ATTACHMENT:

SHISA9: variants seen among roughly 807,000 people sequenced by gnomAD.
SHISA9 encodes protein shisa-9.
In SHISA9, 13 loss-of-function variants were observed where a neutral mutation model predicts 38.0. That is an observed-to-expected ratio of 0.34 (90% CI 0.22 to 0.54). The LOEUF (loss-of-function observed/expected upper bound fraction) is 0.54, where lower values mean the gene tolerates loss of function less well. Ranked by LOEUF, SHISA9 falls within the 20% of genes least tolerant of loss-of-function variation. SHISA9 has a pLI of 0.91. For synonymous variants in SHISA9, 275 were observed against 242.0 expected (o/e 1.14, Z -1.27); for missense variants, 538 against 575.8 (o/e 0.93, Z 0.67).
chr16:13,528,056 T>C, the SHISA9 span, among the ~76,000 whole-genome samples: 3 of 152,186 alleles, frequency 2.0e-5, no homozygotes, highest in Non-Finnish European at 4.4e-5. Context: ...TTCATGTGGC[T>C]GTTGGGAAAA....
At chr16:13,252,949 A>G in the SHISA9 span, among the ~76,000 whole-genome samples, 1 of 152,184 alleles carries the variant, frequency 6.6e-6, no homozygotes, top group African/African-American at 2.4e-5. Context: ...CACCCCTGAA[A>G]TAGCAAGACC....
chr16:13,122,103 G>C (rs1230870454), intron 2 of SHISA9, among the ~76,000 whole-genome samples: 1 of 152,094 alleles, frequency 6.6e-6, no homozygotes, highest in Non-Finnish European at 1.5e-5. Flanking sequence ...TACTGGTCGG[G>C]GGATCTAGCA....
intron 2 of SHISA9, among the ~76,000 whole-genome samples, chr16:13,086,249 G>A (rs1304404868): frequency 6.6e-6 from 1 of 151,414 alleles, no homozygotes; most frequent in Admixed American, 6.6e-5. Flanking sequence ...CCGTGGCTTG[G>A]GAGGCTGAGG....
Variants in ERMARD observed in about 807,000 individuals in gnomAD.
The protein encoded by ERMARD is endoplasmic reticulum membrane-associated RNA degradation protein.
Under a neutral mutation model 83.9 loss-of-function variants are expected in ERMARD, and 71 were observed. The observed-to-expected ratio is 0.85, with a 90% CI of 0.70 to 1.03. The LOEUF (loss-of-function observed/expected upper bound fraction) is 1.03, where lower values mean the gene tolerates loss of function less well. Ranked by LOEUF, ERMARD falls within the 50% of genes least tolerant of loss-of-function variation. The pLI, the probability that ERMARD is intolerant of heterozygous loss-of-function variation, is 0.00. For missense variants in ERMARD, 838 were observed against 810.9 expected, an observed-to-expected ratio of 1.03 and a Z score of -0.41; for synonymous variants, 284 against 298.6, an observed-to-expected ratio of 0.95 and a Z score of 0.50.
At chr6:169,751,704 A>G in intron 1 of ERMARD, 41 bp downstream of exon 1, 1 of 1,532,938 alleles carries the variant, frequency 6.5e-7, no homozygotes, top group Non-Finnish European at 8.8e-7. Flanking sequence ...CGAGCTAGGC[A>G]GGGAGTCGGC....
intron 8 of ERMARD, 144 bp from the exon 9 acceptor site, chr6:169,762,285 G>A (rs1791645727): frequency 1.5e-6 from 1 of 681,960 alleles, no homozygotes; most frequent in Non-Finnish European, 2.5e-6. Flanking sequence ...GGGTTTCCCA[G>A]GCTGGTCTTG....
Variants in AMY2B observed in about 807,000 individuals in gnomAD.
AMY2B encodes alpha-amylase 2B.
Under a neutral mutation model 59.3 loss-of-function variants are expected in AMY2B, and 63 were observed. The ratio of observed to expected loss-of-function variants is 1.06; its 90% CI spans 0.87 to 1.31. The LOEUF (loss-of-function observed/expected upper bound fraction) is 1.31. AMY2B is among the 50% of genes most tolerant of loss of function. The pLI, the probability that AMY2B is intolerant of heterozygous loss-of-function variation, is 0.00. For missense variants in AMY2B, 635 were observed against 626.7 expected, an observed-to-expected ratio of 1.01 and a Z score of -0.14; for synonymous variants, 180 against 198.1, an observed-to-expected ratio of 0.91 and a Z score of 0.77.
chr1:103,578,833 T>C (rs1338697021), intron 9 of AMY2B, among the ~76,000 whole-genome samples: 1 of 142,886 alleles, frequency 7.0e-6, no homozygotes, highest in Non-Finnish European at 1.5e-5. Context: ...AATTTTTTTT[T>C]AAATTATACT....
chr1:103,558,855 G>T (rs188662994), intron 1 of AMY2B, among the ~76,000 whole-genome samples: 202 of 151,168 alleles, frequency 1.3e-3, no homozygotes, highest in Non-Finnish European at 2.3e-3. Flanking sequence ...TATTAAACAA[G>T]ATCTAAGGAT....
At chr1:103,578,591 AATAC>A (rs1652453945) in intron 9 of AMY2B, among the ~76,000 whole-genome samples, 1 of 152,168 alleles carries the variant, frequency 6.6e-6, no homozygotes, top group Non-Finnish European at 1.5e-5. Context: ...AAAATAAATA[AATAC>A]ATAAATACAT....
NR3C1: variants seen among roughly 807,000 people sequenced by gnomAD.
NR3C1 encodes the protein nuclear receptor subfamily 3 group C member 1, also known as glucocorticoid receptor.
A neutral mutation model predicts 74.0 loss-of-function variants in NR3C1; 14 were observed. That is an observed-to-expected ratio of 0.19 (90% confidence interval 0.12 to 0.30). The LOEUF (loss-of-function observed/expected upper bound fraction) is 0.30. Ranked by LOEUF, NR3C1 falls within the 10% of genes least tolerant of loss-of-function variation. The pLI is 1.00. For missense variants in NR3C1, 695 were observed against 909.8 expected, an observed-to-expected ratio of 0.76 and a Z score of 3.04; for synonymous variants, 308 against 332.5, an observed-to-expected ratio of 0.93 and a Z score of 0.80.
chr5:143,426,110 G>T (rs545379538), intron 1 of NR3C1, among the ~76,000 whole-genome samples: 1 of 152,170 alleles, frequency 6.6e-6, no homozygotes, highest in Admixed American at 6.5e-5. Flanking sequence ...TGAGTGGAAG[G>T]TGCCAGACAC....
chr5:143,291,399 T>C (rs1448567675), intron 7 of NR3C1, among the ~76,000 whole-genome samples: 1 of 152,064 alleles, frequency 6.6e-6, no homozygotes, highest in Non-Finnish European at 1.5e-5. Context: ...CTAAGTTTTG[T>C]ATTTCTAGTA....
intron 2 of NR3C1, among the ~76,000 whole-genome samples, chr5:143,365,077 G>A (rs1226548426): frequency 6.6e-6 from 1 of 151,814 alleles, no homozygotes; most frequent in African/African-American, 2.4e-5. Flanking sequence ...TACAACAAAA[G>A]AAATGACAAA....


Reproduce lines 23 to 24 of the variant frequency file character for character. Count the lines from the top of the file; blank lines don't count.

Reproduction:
chr5:143,291,399 T>C (rs1448567675), intron 7 of NR3C1, among the ~76,000 whole-genome samples: 1 of 152,064 alleles, frequency 6.6e-6, no homozygotes, highest in Non-Finnish European at 1.5e-5. Context: ...CTAAGTTTTG[T>C]ATTTCTAGTA....
intron 2 of NR3C1, among the ~76,000 whole-genome samples, chr5:143,365,077 G>A (rs1226548426): frequency 6.6e-6 from 1 of 151,814 alleles, no homozygotes; most frequent in African/African-American, 2.4e-5. Flanking sequence ...TACAACAAAA[G>A]AAATGACAAA....